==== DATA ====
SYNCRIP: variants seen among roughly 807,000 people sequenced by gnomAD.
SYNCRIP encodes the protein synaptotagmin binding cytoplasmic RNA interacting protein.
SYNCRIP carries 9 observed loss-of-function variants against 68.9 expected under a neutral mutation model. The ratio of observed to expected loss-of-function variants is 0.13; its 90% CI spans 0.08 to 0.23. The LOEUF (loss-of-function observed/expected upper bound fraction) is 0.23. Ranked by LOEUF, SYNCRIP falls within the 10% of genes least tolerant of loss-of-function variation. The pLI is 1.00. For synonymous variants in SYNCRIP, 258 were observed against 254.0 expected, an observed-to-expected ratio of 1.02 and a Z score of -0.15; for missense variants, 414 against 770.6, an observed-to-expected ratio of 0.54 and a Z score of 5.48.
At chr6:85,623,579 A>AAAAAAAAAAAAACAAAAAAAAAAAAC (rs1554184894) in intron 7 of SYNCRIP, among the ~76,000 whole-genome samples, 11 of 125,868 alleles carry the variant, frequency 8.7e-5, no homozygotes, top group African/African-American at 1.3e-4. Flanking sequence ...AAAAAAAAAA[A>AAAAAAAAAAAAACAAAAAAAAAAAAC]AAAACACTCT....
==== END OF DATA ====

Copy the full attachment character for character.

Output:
SYNCRIP: variants seen among roughly 807,000 people sequenced by gnomAD.
SYNCRIP encodes the protein synaptotagmin binding cytoplasmic RNA interacting protein.
SYNCRIP carries 9 observed loss-of-function variants against 68.9 expected under a neutral mutation model. The ratio of observed to expected loss-of-function variants is 0.13; its 90% CI spans 0.08 to 0.23. The LOEUF (loss-of-function observed/expected upper bound fraction) is 0.23. Ranked by LOEUF, SYNCRIP falls within the 10% of genes least tolerant of loss-of-function variation. The pLI is 1.00. For synonymous variants in SYNCRIP, 258 were observed against 254.0 expected, an observed-to-expected ratio of 1.02 and a Z score of -0.15; for missense variants, 414 against 770.6, an observed-to-expected ratio of 0.54 and a Z score of 5.48.
At chr6:85,623,579 A>AAAAAAAAAAAAACAAAAAAAAAAAAC (rs1554184894) in intron 7 of SYNCRIP, among the ~76,000 whole-genome samples, 11 of 125,868 alleles carry the variant, frequency 8.7e-5, no homozygotes, top group African/African-American at 1.3e-4. Flanking sequence ...AAAAAAAAAA[A>AAAAAAAAAAAAACAAAAAAAAAAAAC]AAAACACTCT....